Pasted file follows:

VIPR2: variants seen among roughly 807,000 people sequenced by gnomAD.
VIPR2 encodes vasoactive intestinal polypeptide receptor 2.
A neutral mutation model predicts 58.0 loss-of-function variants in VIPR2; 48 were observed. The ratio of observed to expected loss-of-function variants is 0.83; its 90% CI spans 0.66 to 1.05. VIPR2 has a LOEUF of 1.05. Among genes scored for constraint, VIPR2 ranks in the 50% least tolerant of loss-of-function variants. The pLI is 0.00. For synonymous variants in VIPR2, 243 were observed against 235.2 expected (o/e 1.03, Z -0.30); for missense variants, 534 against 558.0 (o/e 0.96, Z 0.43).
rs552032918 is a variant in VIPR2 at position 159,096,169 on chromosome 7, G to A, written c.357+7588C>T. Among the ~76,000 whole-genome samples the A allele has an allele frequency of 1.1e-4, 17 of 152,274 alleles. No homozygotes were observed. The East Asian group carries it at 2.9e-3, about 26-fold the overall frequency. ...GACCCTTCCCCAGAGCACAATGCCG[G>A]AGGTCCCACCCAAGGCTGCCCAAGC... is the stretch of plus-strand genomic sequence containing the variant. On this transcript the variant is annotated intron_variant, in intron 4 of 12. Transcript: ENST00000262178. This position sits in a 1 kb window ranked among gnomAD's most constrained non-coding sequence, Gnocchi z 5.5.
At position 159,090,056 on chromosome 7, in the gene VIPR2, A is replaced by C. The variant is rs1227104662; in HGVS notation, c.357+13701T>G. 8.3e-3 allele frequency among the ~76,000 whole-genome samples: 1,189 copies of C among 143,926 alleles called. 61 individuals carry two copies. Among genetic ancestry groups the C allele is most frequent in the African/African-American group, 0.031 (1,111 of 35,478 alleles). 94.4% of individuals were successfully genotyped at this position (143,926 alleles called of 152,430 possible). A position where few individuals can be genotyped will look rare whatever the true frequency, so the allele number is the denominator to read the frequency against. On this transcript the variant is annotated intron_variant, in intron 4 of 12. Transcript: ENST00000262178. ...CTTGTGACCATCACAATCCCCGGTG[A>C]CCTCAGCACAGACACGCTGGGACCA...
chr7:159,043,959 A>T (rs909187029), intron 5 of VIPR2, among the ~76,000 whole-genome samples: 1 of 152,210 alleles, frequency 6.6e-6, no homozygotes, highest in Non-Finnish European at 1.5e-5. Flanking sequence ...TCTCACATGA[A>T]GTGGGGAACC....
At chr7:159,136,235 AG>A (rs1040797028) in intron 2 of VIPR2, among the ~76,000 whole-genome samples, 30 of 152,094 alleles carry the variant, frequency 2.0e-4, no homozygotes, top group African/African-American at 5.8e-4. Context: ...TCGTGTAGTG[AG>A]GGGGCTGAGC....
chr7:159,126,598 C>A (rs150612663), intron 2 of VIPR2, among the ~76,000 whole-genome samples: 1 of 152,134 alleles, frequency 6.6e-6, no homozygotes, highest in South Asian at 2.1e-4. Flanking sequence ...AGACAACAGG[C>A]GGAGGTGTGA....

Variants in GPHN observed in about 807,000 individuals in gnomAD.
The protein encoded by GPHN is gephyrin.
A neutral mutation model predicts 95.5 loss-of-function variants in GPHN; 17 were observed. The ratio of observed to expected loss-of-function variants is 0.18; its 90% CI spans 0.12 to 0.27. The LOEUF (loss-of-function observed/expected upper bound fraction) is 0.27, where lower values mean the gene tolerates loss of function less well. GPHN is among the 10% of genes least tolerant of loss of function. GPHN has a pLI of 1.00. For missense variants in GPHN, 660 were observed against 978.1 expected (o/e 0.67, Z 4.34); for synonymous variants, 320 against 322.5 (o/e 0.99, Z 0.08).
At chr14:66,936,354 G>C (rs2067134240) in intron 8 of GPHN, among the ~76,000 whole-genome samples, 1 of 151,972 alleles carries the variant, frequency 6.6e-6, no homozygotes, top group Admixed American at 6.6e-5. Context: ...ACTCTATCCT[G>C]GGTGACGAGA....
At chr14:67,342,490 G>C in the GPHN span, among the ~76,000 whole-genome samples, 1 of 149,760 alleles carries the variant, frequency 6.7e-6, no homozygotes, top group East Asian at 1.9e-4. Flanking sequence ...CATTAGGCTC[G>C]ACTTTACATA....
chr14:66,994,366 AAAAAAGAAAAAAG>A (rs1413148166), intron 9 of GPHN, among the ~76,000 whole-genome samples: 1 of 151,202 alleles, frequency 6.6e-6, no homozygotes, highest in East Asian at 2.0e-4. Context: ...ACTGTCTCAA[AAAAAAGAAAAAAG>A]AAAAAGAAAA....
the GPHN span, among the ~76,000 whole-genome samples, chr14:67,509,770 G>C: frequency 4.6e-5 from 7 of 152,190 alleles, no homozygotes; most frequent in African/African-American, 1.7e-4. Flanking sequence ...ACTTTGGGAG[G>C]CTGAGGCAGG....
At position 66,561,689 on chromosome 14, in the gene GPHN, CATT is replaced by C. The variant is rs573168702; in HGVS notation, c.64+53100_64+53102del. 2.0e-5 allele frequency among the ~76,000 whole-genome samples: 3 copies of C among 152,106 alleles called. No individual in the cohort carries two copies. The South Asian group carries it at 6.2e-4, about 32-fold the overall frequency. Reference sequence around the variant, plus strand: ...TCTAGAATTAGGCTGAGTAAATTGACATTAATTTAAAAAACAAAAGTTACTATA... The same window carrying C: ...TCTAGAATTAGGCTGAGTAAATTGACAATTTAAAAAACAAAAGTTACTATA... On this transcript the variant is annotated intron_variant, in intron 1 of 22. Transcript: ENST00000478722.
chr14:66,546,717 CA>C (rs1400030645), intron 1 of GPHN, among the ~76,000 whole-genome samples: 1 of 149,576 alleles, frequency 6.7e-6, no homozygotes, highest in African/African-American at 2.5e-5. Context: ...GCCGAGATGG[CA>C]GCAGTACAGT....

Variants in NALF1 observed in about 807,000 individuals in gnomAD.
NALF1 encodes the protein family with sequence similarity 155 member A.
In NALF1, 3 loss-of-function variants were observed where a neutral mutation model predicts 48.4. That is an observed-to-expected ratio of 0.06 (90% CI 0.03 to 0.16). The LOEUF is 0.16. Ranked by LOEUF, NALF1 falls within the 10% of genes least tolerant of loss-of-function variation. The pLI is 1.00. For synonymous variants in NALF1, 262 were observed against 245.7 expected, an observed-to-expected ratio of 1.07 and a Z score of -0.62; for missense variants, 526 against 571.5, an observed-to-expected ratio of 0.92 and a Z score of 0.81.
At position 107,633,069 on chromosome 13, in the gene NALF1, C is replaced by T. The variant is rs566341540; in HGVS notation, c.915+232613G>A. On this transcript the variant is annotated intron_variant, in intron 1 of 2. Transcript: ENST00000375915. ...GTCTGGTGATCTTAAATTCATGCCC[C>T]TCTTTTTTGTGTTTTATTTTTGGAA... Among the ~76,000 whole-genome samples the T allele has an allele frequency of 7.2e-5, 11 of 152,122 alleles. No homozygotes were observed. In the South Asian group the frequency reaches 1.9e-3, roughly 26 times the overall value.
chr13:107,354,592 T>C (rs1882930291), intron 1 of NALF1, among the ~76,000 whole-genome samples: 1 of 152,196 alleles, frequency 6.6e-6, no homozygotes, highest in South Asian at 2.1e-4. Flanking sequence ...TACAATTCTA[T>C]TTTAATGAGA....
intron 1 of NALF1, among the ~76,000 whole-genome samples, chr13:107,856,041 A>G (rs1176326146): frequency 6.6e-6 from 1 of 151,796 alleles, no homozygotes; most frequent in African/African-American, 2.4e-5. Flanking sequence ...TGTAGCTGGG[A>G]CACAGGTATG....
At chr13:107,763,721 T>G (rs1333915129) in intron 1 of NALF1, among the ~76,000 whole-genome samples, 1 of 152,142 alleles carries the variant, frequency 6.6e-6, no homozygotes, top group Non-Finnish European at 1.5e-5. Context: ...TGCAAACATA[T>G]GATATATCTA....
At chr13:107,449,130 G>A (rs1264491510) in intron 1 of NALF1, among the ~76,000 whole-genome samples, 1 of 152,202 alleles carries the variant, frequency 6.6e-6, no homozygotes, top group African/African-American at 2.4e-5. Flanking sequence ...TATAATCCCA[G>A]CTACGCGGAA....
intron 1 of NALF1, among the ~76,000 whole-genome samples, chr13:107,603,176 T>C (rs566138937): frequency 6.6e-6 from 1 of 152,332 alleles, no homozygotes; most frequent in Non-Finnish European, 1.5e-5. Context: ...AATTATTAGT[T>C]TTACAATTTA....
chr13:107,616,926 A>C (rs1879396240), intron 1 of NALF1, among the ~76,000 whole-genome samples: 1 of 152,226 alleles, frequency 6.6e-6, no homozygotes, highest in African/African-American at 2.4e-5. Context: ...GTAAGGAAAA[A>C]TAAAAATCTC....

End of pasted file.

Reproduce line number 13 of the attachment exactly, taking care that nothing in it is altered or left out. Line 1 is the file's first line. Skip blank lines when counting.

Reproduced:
At chr14:67,342,490 G>C in the GPHN span, among the ~76,000 whole-genome samples, 1 of 149,760 alleles carries the variant, frequency 6.7e-6, no homozygotes, top group East Asian at 1.9e-4. Flanking sequence ...CATTAGGCTC[G>C]ACTTTACATA....